• Daniel Ethan Finneran

A Plethora Of Perverts

November 2017


Eros, it’s said, is the builder of cities. Biology and society are our evidence, albeit with a mind always chastened by Malthusian considerations. But no sooner is Eros the master craftsman before it becomes the bane of its own existence—the breaker of the empires it once helped to build. Devoured by its own insatiable appetite, and beaten by its own amorous muscle, it tears to shreds the careful civilizations it helped to erect. Such is the case, at least, when respect and romance succumb to lechery and lust; when requited passion yields to pernicious predation. Lately, it seems as if the latter (in both cases) has been succeeding in America’s dramatic, comedic, and political spheres. With its victory, more than a few empires have fallen.


In the wake of Harvey Weinstein’s recent fall, a deluge of accusations has come to the fore. It’s not merely a matter of coincidence, or convenience to tell the tales all at once—and in many cases, after many years—but rather one of impetus. The sluice has been opened, and at long last, the victims feel themselves emboldened. Weinstein’s prominence in the industry, and the revelation that he isn’t immune to his sins, simply can’t be understated in having helped bring about this end--and in turn, bring about his end. His stature was like that of Saturn’s; a titan above men and their laws.


Now, the victimized women and men have grown in their numbers and galvanized to speak out against their perpetrators. This is absolutely vital if we hope to prevent such predators, who for years thought themselves immune from incrimination—and with striking audacity one might add—from re-employing their vile ways. Weinstein’s fall has provided them (the victims that is, not the accused) with the enervation and, more importantly, the emancipation to speak freely about their shared experiences.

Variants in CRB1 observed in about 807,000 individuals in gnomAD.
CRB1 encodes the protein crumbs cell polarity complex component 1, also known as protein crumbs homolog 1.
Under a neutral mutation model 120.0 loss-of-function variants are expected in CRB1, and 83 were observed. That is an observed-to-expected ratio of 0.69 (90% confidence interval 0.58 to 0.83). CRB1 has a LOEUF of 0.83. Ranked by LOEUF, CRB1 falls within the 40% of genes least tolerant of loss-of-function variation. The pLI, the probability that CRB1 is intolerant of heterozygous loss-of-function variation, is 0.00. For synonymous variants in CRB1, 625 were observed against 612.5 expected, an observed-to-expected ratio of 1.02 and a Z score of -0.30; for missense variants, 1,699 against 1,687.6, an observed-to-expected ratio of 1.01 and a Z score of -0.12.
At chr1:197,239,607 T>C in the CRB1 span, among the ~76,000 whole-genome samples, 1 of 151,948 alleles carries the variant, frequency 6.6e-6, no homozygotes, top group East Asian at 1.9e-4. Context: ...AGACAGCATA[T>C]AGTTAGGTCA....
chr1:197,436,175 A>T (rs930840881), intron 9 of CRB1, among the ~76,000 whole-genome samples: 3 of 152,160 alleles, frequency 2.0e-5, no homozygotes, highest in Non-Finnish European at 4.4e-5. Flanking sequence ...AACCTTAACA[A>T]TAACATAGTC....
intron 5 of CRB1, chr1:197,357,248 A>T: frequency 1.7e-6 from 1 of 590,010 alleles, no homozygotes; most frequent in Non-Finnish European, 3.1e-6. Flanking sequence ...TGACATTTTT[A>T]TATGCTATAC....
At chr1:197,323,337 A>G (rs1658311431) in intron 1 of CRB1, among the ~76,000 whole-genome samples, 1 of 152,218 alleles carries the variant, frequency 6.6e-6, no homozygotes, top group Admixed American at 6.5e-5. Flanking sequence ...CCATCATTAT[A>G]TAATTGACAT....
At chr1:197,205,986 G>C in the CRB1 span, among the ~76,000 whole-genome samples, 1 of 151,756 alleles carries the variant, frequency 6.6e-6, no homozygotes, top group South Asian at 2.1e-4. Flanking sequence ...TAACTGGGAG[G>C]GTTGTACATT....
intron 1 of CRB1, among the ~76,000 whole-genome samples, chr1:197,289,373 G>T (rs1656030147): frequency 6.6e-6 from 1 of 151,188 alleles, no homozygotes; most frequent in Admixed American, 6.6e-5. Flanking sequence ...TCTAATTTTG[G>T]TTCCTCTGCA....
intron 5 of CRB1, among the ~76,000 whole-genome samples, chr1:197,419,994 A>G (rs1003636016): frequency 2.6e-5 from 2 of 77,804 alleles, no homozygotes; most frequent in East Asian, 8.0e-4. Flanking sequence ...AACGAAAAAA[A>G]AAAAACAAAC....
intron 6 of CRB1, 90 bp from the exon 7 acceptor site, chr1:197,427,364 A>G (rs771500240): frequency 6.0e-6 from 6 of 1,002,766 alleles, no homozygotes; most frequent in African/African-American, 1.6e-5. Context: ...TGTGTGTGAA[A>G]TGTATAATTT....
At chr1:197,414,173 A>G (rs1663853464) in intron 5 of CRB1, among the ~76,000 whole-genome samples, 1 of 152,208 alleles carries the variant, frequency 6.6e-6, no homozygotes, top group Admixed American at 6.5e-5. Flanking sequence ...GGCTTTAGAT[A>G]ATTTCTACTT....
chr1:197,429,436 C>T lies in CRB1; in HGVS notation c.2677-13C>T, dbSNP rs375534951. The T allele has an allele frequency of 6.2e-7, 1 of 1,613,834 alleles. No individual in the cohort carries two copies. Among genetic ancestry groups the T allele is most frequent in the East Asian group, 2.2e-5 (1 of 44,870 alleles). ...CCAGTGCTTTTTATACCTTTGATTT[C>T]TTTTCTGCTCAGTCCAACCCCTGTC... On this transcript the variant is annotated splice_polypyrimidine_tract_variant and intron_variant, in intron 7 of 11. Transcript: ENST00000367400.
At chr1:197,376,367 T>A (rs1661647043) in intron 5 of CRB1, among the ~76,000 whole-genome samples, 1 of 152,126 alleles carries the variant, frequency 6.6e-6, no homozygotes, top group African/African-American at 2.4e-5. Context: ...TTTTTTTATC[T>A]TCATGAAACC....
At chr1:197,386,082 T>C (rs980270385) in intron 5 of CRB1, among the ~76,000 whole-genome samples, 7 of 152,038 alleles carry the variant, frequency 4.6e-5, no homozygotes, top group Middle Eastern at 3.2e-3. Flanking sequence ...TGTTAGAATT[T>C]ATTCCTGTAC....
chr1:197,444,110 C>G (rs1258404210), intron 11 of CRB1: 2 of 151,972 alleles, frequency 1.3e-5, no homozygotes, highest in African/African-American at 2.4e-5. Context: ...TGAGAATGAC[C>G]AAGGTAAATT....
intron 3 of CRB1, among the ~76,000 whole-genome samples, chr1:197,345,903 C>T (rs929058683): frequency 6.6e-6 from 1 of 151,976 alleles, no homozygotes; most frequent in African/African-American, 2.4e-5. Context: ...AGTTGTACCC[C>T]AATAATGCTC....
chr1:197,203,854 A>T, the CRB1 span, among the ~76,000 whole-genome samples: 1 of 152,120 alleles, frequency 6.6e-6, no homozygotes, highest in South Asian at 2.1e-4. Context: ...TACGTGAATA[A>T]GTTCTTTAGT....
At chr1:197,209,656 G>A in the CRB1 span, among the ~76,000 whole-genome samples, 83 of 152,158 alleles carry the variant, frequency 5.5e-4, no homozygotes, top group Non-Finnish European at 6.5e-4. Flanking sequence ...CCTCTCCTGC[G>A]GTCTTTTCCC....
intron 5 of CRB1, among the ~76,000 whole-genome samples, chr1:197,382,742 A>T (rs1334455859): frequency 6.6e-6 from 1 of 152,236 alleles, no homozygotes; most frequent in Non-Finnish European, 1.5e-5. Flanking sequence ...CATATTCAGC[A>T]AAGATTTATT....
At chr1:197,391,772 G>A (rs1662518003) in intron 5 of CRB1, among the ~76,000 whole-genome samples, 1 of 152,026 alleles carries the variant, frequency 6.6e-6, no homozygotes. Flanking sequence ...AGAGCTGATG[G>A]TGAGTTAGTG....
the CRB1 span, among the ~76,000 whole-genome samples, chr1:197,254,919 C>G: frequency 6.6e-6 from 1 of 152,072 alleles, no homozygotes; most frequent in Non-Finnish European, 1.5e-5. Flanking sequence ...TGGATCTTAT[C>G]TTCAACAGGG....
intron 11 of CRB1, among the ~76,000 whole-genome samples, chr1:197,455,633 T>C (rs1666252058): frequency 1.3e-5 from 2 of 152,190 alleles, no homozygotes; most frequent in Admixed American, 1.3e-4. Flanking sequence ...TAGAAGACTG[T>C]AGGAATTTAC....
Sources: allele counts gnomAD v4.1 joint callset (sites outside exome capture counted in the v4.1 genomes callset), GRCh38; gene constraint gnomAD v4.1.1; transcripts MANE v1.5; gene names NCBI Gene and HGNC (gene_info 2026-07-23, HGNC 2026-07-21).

All the tales are egregious and there’s no tidy continuum within which to place them. The best way to approach the stories is chronologically. Kevin Spacey was next in Weinstein’s wake. He was the second Hollywood main man to have allegations raised against him. Spacey is the maniacally talented actor in such films as Seven, Horrible Bosses, L.A. Confidential, and the hit-series House of Cards. His characters are always intelligently villainous and indescribably ambitious. For his ability to capture these difficult bits, he’s become the industry’s beau ideal. But when Spacey breaks the fourth wall, the villainy walks off-stage with him.


It’s been revealed that pederasty was his perversion of choice. You’ll soon find that each man on our list of three has his own illicit idiosyncrasy. Spacey’s was pubescent boys, or perhaps those just on the cusp. Anthony Rapp, now aged forty-six, said that Spacey made sexual advances on him when he was a child of fourteen. At the time, the two were performing on Broadway together and the year was 1986. In a muted admission of guilt, Spacey responded to Rapp’s allegation by at first claiming ignorance (attributable to the passage of time), and then drunkenness (attributable to the fermented grapes of the vine), before finally apologizing if he “did behave then as he (Rapp) describes”.